Customers can also be classified on the basis of their gender, age and characteristics. However, any way in which you classify customers, the fact remains that this is a very dynamic factor as no two human beings behave in the same way, even in the same given set of circumstances.
This is a very important external factor, as the success of an organisation depends upon the number of people that patronise its products. With the right kind of approach this very volatile and dynamic factor can be controlled to quite an extent.
In India not so long ago we followed a system of a protected economy. The fall out of this system was that a number of products enjoyed a monopoly in the market. For example, Bajaj Scooters had a virtual monopoly in the market for a number of years.
However with the opening up of the economy this situation has undergone a drastic change and now a number of two wheelers are vying with each other for attention of the customers. Today in the two wheeler market itself you have a number of companies like Hero-Honda, Yamaha, Suzuki, Kinetic Honda etc.
The same is the state for many other products. Be it a consumer product, an industrial product or a consumer durable or non-durable product. It cannot escape competition. Not only does competition exist, but it is of a cut-throat nature. (Thus the business scenario today is such that if a business has to survive and prosper it has to keep a tab on what its competition is doing. The competition has to be constantly monitored, so that the business and marketing strategies can be altered at the right time and markets can be successfully captured and loyal customers maintained.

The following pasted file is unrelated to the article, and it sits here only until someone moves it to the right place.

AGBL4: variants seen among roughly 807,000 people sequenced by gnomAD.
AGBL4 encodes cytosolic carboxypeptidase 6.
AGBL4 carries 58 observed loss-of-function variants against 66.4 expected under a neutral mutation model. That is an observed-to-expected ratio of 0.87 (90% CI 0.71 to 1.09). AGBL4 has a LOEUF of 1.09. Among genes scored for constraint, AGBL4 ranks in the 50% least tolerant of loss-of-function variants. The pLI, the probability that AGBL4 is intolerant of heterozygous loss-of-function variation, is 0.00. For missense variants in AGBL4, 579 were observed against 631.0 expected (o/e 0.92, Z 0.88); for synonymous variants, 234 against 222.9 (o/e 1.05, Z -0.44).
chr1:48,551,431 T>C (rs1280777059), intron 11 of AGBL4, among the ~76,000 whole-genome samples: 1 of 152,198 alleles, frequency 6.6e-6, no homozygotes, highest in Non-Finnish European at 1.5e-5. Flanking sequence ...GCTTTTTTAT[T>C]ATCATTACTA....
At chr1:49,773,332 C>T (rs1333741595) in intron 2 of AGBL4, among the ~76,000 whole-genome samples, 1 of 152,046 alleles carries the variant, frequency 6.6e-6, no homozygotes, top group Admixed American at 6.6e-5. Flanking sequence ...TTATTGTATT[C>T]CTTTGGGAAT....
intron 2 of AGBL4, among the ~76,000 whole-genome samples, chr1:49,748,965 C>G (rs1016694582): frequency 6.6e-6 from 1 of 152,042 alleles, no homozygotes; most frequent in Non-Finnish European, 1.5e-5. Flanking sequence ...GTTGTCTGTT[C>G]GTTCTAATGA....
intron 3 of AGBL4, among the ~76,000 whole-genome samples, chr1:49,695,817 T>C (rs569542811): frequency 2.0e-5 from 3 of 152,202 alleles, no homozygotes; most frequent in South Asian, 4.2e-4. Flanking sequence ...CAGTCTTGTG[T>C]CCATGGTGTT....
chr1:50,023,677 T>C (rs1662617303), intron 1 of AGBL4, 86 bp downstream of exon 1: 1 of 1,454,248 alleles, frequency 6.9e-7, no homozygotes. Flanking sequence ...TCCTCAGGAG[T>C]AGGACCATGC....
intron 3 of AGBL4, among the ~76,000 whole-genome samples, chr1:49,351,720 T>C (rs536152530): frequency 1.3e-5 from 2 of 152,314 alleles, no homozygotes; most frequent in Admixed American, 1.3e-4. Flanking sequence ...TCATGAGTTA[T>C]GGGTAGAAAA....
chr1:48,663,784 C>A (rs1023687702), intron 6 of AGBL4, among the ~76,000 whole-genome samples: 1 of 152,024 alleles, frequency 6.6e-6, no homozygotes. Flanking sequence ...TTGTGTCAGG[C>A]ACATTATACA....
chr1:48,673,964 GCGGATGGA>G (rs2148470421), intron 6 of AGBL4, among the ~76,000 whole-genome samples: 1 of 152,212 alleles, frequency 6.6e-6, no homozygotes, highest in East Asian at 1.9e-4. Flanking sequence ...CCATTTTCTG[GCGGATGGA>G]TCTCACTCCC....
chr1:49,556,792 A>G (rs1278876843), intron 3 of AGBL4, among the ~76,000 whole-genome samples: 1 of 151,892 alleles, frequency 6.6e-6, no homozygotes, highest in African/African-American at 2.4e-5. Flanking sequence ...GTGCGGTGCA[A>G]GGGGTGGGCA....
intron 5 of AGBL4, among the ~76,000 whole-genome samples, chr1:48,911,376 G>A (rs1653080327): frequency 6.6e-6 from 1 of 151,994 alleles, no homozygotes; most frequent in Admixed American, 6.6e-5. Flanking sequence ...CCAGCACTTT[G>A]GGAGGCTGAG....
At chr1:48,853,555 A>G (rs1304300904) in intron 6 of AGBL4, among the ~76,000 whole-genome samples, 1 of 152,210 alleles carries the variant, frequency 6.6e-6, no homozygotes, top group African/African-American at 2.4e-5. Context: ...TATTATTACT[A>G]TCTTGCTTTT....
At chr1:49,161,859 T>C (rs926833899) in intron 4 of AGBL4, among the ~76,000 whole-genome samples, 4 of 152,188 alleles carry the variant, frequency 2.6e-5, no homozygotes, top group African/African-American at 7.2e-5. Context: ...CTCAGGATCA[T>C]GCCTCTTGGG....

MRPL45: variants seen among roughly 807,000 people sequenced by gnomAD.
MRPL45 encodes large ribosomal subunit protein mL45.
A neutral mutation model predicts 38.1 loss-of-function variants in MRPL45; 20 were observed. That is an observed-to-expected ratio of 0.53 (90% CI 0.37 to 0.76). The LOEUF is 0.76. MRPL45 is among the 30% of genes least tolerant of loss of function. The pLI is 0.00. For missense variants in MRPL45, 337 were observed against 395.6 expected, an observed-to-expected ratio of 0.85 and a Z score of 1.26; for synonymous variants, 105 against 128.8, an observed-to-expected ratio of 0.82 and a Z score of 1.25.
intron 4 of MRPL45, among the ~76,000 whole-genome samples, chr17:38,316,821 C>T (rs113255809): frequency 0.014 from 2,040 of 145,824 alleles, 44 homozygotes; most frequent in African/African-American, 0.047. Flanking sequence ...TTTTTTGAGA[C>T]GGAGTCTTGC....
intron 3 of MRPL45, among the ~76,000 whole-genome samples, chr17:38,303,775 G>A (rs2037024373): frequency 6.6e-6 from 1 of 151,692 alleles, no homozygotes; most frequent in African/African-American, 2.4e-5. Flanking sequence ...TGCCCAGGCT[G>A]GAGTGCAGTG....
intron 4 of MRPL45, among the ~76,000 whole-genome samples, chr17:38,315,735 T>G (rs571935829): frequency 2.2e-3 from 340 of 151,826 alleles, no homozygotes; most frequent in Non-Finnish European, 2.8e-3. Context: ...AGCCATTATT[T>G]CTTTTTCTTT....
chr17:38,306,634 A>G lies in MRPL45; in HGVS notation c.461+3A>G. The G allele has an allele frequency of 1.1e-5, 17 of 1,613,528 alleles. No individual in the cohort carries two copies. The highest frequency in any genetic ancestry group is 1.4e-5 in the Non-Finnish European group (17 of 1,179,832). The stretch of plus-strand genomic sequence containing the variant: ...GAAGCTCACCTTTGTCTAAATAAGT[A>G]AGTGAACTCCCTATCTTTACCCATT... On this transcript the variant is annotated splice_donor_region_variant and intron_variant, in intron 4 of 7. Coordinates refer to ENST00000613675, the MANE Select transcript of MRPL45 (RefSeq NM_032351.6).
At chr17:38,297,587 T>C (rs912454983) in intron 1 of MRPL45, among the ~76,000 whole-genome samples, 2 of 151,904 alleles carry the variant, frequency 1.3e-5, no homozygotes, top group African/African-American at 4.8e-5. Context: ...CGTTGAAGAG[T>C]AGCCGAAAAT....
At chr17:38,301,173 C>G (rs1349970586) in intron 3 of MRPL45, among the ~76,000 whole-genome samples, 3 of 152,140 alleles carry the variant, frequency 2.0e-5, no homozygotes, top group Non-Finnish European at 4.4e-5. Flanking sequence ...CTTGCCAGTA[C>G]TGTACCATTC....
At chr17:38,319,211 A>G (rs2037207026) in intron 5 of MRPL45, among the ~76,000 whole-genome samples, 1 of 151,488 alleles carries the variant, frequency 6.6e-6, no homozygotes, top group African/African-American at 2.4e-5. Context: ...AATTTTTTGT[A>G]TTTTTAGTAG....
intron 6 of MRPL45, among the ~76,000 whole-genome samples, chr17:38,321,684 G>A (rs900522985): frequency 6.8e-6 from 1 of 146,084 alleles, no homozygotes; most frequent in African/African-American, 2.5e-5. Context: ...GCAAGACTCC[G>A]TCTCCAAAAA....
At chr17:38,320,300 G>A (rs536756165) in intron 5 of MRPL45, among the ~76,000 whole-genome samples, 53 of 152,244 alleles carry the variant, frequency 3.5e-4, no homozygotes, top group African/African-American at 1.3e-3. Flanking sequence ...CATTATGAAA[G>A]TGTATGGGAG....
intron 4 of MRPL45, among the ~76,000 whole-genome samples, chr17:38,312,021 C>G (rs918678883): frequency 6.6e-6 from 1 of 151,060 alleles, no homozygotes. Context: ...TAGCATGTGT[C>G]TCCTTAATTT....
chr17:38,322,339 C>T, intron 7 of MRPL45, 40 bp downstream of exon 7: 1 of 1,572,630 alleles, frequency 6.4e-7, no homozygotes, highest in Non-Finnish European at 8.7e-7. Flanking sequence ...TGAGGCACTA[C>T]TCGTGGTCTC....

Just as one company monitors its competitors so also the competitors monitor the other companies in the same industry. Thus, there is a constant scenario of keeping check on each other. Here a company may instigate an action which will compel the competition to come up with a corresponding action of its own.
In this way one competitor can catch the reaction of another competitor in a particular way. And hence it is said that competition is an external factor that may be controllable, at least to some extent. For e.g. a price cut policy adopted by Pepsi will result in a similar or comparable price cut by Coca-Cola.
When we talk of external environmental factors we cannot ignore the Public at large. The public in the case of a company is any individual or group that has some relationship/impact on the ability of the company to achieve its objectives.
The public actions and reactions to the activities of the company are important, as the company operates in a society, and the public has got the ability or potential to facilitate or hinder the working of the company/organisation. It is because of this that today almost all organisations have a public relations officer, exclusively for building up relations with the public at large, and seeing to it that the company enjoys a good public image.